Mutations in the p53 tumor suppressor gene stand behind many aggressive, deadly cancersand in fact, half of all cancers. But not melanomas, a class of malignancies renowned for their lack of response to chemotherapy. Scientists from Cold Spring Harbor Laboratory and Memorial Sloan-Kettering Cancer Center report in today's issue of Nature, however, that mutations in another gene encoding a protein called apoptosis activation factor-1 (Apaf-1) characterize these growths. Like p53, Apaf-1 lies in the cellular pathway leading to apoptosis, or programmed cell death. Disruptions anywhere along this pathway can keep it from its usual task, which is causing precancerous cells to self-destruct.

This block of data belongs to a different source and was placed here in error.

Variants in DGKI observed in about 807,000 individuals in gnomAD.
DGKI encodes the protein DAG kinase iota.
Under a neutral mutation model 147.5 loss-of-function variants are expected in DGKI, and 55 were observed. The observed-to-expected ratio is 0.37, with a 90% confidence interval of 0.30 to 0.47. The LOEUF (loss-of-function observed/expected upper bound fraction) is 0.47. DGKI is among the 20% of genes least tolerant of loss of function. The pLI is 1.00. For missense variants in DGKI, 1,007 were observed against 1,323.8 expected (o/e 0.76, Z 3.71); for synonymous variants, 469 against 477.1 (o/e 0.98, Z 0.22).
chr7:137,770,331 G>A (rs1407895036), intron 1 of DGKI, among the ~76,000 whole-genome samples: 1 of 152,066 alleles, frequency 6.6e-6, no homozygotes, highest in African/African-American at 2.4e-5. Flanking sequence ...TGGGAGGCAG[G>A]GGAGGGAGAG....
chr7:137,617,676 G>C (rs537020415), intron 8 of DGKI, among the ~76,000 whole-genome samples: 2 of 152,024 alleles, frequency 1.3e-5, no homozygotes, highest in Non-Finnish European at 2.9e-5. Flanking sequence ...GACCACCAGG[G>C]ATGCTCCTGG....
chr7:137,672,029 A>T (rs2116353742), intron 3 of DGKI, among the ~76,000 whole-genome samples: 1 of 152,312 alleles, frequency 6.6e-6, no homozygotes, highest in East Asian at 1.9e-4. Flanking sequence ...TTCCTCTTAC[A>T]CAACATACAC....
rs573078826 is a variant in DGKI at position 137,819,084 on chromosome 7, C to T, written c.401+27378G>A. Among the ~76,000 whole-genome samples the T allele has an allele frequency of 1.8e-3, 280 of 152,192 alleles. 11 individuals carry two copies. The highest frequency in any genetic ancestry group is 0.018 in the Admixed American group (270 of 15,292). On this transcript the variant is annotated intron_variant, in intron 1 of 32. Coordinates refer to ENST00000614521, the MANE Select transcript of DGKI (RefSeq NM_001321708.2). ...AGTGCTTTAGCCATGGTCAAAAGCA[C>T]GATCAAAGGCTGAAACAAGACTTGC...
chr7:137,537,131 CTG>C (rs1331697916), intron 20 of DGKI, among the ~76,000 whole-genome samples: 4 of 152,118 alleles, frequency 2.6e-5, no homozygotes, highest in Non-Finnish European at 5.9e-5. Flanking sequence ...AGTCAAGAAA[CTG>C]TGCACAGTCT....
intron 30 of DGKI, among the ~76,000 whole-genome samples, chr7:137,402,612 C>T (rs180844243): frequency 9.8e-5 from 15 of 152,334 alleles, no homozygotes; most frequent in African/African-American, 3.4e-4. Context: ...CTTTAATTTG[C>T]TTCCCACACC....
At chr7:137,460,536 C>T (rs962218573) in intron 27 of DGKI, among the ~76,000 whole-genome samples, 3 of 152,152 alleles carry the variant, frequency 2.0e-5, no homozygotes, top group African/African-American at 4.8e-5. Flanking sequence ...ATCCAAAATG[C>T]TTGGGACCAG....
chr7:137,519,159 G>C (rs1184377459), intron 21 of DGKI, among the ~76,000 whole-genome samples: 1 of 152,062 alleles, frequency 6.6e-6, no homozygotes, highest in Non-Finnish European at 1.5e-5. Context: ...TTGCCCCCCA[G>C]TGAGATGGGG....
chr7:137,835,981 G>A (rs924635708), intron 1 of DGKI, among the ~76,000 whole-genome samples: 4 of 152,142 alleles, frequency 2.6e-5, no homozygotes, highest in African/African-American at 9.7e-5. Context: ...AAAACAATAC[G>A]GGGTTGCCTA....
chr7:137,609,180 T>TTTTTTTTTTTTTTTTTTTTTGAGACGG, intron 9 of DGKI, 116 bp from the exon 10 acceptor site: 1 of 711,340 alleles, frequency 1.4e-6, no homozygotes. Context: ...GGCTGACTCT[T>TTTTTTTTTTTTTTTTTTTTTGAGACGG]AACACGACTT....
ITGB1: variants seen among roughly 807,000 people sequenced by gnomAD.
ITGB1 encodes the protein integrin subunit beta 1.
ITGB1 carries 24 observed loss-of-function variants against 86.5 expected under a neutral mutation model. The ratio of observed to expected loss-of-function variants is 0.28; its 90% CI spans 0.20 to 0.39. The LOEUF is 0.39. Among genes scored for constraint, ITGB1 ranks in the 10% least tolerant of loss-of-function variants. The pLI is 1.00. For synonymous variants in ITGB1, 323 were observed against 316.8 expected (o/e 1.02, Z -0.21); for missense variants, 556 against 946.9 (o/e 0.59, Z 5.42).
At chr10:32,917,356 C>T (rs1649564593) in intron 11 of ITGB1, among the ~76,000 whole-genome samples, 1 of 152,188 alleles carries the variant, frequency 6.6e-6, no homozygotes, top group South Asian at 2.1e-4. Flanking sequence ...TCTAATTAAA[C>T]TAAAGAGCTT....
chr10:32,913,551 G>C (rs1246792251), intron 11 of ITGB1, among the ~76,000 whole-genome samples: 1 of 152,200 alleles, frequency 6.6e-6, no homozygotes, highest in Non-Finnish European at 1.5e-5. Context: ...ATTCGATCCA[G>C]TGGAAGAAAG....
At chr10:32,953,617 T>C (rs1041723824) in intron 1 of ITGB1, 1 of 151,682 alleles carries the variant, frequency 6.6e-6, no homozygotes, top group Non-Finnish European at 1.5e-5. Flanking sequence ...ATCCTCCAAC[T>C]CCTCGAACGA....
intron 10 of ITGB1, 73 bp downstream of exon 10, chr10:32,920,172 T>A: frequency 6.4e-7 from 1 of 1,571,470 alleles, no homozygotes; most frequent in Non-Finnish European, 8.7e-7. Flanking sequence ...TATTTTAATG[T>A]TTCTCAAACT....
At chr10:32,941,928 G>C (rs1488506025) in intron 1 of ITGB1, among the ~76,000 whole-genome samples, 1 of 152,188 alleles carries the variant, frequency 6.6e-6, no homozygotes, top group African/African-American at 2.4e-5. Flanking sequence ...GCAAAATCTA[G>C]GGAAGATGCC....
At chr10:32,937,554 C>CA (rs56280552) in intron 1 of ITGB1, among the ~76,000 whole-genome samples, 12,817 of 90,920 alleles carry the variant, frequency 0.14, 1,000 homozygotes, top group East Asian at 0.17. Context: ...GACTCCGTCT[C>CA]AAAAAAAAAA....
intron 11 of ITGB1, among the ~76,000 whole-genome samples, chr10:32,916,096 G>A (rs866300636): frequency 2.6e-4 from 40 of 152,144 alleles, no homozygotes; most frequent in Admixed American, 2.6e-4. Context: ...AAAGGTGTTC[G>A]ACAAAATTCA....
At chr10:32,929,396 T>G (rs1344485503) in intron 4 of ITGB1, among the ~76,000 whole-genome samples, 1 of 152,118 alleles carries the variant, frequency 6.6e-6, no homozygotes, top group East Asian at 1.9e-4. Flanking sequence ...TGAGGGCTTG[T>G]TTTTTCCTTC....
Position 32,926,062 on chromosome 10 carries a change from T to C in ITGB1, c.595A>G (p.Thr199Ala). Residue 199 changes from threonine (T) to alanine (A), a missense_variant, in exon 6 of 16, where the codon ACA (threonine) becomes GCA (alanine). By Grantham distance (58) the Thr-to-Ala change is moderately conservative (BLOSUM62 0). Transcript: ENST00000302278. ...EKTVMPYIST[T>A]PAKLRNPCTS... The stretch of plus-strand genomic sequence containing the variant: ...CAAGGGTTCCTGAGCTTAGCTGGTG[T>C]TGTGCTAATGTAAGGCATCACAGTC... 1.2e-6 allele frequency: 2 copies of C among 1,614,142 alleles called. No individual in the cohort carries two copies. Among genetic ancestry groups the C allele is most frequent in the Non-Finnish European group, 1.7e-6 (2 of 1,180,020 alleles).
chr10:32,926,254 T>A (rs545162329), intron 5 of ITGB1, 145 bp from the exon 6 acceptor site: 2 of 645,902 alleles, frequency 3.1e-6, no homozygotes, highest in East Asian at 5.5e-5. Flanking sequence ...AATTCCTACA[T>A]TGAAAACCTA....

Of significance, the researchers led by Maria Soengas demonstrated that restoring Apaf-1 to melanoma cells made them capable of killing themselves in response to the chemotherapy drug adriamycin. "The loss of Apaf-1 in malignant melanoma is a prime explanation for both the extreme chemoresistance and apparent lack of p53 defects in such cancers," says collaborator Scott Lowe. This finding not only suggests new treatment approaches but also provides options for more accurate diagnosis. In most of the melanomas they studied, one copy of the Apaf-1 gene was deleted. Complete loss of Apaf-1 function arose from so-called transcriptional silencing, which is emerging as a principle mechanism by which tumor suppressor genes in general become inactivated.